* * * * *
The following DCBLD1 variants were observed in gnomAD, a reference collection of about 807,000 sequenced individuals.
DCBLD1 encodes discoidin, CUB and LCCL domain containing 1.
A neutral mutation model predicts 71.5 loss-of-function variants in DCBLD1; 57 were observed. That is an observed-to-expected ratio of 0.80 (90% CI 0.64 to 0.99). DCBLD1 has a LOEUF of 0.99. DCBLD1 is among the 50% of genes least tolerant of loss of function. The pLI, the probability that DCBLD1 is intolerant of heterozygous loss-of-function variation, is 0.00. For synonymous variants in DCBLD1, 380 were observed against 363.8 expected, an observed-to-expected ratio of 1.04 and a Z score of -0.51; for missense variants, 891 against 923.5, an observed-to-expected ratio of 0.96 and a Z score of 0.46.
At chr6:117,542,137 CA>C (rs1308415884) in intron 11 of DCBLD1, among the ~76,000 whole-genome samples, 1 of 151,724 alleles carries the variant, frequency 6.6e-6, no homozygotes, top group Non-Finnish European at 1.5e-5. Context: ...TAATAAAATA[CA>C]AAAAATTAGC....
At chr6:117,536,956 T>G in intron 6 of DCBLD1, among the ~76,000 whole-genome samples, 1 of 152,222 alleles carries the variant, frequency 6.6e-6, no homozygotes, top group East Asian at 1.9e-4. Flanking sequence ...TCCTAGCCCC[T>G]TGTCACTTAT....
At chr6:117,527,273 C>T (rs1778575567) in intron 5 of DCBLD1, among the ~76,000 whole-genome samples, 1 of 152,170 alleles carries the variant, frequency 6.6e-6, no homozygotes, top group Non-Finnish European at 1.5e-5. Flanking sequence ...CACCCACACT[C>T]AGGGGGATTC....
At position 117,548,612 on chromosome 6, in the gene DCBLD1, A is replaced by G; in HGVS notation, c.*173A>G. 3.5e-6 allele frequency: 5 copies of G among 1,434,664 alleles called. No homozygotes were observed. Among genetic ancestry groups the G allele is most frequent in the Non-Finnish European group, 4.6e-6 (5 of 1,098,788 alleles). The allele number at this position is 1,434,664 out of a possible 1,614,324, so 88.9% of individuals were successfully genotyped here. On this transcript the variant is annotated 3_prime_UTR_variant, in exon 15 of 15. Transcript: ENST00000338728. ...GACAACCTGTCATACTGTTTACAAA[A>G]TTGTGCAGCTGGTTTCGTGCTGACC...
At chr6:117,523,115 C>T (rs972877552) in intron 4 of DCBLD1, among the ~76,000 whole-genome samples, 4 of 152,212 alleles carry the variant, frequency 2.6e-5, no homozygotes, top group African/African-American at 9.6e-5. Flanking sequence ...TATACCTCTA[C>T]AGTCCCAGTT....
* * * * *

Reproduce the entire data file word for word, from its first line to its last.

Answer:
The following DCBLD1 variants were observed in gnomAD, a reference collection of about 807,000 sequenced individuals.
DCBLD1 encodes discoidin, CUB and LCCL domain containing 1.
A neutral mutation model predicts 71.5 loss-of-function variants in DCBLD1; 57 were observed. That is an observed-to-expected ratio of 0.80 (90% CI 0.64 to 0.99). DCBLD1 has a LOEUF of 0.99. DCBLD1 is among the 50% of genes least tolerant of loss of function. The pLI, the probability that DCBLD1 is intolerant of heterozygous loss-of-function variation, is 0.00. For synonymous variants in DCBLD1, 380 were observed against 363.8 expected, an observed-to-expected ratio of 1.04 and a Z score of -0.51; for missense variants, 891 against 923.5, an observed-to-expected ratio of 0.96 and a Z score of 0.46.
At chr6:117,542,137 CA>C (rs1308415884) in intron 11 of DCBLD1, among the ~76,000 whole-genome samples, 1 of 151,724 alleles carries the variant, frequency 6.6e-6, no homozygotes, top group Non-Finnish European at 1.5e-5. Context: ...TAATAAAATA[CA>C]AAAAATTAGC....
At chr6:117,536,956 T>G in intron 6 of DCBLD1, among the ~76,000 whole-genome samples, 1 of 152,222 alleles carries the variant, frequency 6.6e-6, no homozygotes, top group East Asian at 1.9e-4. Flanking sequence ...TCCTAGCCCC[T>G]TGTCACTTAT....
At chr6:117,527,273 C>T (rs1778575567) in intron 5 of DCBLD1, among the ~76,000 whole-genome samples, 1 of 152,170 alleles carries the variant, frequency 6.6e-6, no homozygotes, top group Non-Finnish European at 1.5e-5. Flanking sequence ...CACCCACACT[C>T]AGGGGGATTC....
At position 117,548,612 on chromosome 6, in the gene DCBLD1, A is replaced by G; in HGVS notation, c.*173A>G. 3.5e-6 allele frequency: 5 copies of G among 1,434,664 alleles called. No homozygotes were observed. Among genetic ancestry groups the G allele is most frequent in the Non-Finnish European group, 4.6e-6 (5 of 1,098,788 alleles). The allele number at this position is 1,434,664 out of a possible 1,614,324, so 88.9% of individuals were successfully genotyped here. On this transcript the variant is annotated 3_prime_UTR_variant, in exon 15 of 15. Transcript: ENST00000338728. ...GACAACCTGTCATACTGTTTACAAA[A>G]TTGTGCAGCTGGTTTCGTGCTGACC...
At chr6:117,523,115 C>T (rs972877552) in intron 4 of DCBLD1, among the ~76,000 whole-genome samples, 4 of 152,212 alleles carry the variant, frequency 2.6e-5, no homozygotes, top group African/African-American at 9.6e-5. Flanking sequence ...TATACCTCTA[C>T]AGTCCCAGTT....